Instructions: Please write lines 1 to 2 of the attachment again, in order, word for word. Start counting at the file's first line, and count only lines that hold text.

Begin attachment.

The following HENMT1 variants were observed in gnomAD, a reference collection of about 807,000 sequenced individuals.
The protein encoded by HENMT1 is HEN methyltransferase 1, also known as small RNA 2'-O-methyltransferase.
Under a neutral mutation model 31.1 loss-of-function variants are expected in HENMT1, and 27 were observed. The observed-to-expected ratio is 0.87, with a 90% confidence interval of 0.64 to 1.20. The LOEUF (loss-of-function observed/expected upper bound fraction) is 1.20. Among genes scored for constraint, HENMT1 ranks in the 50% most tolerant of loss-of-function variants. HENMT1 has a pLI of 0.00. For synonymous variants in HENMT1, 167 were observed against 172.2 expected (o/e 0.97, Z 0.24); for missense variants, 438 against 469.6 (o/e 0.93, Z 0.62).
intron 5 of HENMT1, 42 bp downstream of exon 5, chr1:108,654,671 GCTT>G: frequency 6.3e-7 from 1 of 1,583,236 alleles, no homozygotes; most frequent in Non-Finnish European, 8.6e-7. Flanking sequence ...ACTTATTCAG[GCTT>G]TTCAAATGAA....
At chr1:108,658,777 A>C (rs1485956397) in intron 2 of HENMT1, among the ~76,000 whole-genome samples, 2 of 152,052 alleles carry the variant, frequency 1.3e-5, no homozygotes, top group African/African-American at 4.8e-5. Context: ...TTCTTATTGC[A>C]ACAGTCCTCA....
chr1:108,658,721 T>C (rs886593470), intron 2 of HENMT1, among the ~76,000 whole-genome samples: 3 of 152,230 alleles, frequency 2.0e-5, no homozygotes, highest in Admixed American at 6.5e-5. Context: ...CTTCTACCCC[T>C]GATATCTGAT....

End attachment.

The following HENMT1 variants were observed in gnomAD, a reference collection of about 807,000 sequenced individuals.
The protein encoded by HENMT1 is HEN methyltransferase 1, also known as small RNA 2'-O-methyltransferase.